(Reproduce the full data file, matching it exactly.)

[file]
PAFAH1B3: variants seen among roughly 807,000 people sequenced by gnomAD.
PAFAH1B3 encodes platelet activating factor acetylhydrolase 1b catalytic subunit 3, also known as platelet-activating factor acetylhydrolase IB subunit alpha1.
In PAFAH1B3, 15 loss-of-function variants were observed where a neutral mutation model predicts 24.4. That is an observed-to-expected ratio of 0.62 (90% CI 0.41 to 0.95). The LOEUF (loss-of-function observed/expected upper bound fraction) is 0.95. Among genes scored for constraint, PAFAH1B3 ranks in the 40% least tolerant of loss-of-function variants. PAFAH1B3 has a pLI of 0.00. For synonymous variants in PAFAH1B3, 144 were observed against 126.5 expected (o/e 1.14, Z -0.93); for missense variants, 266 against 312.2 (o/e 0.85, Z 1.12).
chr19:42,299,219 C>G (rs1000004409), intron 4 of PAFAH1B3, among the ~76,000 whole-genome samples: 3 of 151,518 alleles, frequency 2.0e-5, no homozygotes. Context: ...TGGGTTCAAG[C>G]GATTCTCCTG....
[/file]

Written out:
PAFAH1B3: variants seen among roughly 807,000 people sequenced by gnomAD.
PAFAH1B3 encodes platelet activating factor acetylhydrolase 1b catalytic subunit 3, also known as platelet-activating factor acetylhydrolase IB subunit alpha1.
In PAFAH1B3, 15 loss-of-function variants were observed where a neutral mutation model predicts 24.4. That is an observed-to-expected ratio of 0.62 (90% CI 0.41 to 0.95). The LOEUF (loss-of-function observed/expected upper bound fraction) is 0.95. Among genes scored for constraint, PAFAH1B3 ranks in the 40% least tolerant of loss-of-function variants. PAFAH1B3 has a pLI of 0.00. For synonymous variants in PAFAH1B3, 144 were observed against 126.5 expected (o/e 1.14, Z -0.93); for missense variants, 266 against 312.2 (o/e 0.85, Z 1.12).
chr19:42,299,219 C>G (rs1000004409), intron 4 of PAFAH1B3, among the ~76,000 whole-genome samples: 3 of 151,518 alleles, frequency 2.0e-5, no homozygotes. Context: ...TGGGTTCAAG[C>G]GATTCTCCTG....